The data, analyzed based on a model by Oxford University’s Michael Osborne and Carl Frey, also showed that professional workers such as loss adjusters (ranked 40th), doctors (44th) and air traffic controllers (79th) were at relatively high risk among other specialized occupations to be taken over by the machines.

Those in careers requiring human interaction and negotiation skills, such as actors, artists, musicians and photographers, were less likely to be replaced by machines.

Park Ka-yeol, a researcher at KEIS, contended that clerical and manual jobs are at a higher risk of being replaced because AI robots are better than human beings at repetitive tasks with job definitions that are simple and clear.

“Human beings will excel at projects that are difficult to understand under existing rules and require creative, artistic perspectives,” Park said. “Only jobs that boost mankind’s happiness and require teamwork and interaction with other individuals will survive.”

Park noted, however, that the Korean labor market might be vulnerable to such changes because it is heavily reliant on administrative jobs and lacks a talent pool of experts in technological sectors.

“Workers will be able to work with and make use of machines to improve labor productivity in the new age of machines,” he said. “Simpler tasks should be given to those with less experience while professionals should focus on doing complicated tasks, which will eventually reduce working hours per person and lead to job-sharing.”

Cheon yang-ha, who teaches computer science at Yongin University, said that laborers themselves should be more prepared through education so as not to be excluded.

“As barriers among industries collapse in the age of new technologies, workers should receive education on a regular basis to learn about not only new technologies but also other sectors such as finance, medicine, humanity and law that can fused with technologies.”

According to a survey released by Swiss bank UBS shortly before this year’s World Economic Forum, Korea ranked No. 25 among 139 countries in terms of its ability to adjust to the Fourth Industrial Revolution. It was measured in five categories: labor market flexibility, educational system, infrastructure, technological ability and legal protection.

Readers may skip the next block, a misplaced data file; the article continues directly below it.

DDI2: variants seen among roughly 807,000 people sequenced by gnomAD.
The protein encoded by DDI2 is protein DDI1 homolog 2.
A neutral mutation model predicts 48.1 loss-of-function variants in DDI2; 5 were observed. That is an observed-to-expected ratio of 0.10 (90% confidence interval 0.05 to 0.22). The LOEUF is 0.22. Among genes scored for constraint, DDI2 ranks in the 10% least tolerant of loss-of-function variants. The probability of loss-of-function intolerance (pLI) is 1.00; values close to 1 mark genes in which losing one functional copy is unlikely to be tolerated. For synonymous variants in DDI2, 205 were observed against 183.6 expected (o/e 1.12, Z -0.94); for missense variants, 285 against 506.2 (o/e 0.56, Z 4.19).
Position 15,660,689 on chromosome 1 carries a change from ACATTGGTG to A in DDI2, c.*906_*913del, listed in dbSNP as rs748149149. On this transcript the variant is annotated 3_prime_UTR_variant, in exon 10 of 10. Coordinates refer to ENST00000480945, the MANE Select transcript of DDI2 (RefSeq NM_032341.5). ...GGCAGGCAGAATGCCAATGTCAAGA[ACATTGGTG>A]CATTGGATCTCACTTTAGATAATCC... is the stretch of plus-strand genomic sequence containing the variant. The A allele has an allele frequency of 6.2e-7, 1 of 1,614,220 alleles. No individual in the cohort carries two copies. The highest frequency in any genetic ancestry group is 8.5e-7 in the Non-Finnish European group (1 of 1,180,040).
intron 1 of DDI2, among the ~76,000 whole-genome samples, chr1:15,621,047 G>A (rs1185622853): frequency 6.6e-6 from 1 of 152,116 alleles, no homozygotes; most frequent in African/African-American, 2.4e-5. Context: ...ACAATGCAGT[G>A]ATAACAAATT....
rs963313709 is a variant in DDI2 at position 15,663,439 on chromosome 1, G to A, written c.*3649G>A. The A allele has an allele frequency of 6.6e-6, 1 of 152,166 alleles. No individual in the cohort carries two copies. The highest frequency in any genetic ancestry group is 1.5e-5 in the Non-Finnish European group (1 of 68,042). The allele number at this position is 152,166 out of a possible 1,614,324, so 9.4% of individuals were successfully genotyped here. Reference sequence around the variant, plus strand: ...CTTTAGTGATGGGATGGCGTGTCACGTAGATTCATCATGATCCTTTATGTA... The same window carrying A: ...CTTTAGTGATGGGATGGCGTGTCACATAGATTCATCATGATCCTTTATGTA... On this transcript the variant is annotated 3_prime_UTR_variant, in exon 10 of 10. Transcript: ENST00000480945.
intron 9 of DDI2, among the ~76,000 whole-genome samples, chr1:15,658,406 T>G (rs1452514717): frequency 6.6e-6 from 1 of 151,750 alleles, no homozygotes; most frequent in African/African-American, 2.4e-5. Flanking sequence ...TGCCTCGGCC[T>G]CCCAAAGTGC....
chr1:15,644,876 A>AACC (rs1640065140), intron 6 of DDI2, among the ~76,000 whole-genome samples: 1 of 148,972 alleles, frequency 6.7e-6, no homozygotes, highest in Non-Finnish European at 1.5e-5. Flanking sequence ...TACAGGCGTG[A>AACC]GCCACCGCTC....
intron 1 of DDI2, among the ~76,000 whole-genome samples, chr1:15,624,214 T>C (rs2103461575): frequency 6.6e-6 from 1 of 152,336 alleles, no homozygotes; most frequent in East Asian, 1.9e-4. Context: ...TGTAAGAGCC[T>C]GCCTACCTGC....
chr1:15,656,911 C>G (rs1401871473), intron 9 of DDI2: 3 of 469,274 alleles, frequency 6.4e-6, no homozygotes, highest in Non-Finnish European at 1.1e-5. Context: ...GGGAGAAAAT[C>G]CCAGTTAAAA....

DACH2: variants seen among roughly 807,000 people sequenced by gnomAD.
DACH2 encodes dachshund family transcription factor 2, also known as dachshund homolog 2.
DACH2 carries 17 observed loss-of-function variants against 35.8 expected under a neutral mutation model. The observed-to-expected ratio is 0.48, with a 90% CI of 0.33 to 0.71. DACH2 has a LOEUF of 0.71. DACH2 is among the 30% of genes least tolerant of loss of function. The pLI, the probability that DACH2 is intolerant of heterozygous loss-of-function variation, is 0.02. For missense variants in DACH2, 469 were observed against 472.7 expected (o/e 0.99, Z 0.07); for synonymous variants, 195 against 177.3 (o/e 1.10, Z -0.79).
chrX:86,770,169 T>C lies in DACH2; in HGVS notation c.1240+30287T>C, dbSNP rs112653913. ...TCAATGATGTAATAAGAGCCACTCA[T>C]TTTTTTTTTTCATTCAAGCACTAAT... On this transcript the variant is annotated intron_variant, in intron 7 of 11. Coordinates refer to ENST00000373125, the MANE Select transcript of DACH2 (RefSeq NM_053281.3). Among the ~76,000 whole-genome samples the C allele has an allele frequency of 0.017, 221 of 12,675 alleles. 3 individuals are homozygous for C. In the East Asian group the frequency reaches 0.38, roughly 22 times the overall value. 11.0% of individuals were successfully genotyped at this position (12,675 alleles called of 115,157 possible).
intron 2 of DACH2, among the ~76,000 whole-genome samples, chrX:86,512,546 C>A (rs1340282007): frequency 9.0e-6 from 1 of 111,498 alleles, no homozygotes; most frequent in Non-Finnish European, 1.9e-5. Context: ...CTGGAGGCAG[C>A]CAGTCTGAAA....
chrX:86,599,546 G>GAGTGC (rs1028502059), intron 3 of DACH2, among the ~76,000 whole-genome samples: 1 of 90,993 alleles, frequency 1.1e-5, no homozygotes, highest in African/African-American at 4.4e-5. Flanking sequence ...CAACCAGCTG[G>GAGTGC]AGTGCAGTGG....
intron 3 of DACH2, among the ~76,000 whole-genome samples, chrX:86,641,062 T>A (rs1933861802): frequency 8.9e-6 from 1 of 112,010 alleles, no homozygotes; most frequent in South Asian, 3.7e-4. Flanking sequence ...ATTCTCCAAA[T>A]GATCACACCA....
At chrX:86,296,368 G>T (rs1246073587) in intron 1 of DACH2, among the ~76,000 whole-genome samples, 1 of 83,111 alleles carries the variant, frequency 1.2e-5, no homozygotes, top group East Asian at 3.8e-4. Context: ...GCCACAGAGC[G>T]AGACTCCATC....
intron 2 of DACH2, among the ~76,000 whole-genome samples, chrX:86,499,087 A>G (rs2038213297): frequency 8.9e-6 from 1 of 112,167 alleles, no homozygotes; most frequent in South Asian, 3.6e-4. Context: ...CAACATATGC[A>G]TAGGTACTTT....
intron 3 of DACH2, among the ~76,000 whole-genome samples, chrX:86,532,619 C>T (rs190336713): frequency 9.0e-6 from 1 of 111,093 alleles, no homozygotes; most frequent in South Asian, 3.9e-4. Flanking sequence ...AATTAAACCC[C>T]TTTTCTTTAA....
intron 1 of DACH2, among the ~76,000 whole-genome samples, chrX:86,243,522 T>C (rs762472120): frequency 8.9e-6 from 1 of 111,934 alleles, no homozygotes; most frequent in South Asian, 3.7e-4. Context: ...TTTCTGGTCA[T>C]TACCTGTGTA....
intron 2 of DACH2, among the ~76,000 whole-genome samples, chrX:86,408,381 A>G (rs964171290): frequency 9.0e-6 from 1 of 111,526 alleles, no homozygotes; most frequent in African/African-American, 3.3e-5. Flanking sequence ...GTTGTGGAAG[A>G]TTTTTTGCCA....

Professor Lee of KAIST Business School underscored the need to reform heavy regulations and the labor market to make it more flexible and create jobs in uncertain times.

“As people don’t need to work as much as they used to, jobs should be shared. For that, the country should encourage companies to create jobs by making the market more flexible,” he said. “With the help of technologies, companies should create a flexible working environment where more women and elderly can find employment. They can work from home part-time, for example.”

The technological progress and automation, however, will inevitably lead to greater inequality among workers, companies and countries, another expert pointed out.

“The adaptability to use technologies will create a digital divide, though it will eventually be narrowed in a few decades,” said Kang Jeong-soo, a director of Digital Society Institute.

“Rich companies invest more in developing technology, which will further sharpen their competitive edge. Skilled workers who can develop and control machines will earn a lot more income (than the rest,)” he said. “And the gap will be already too big to close.”

Lee Il-young, who teaches economics at Hanshin University, said that technological developments have been associated with capitalist leaders, excluding laborers.

“Technological progress could play out in an undemocratic way unless the government intervenes and creates a fair system. For example, Web users create content, but it is portal sites who monopolize profits,” Lee said.

He cited the weak status of Korean workers, with a third of workers being temporarily or indirectly hired, and the large gap between small-sized companies and large firms, which he said will only worsen along with technological progress.

“Technology itself is neutral. It is human beings’ job to set fair rules and lead the technology in a positive direction so that everyone can share the prosperity,” he said.

“South Korea will not be able to adapt to the new digital age and will lag behind unless it changes the old way of top-down governance, government monopoly of authority and conglomerate-centered business ecosystem.”

By Ock Hyun-ju (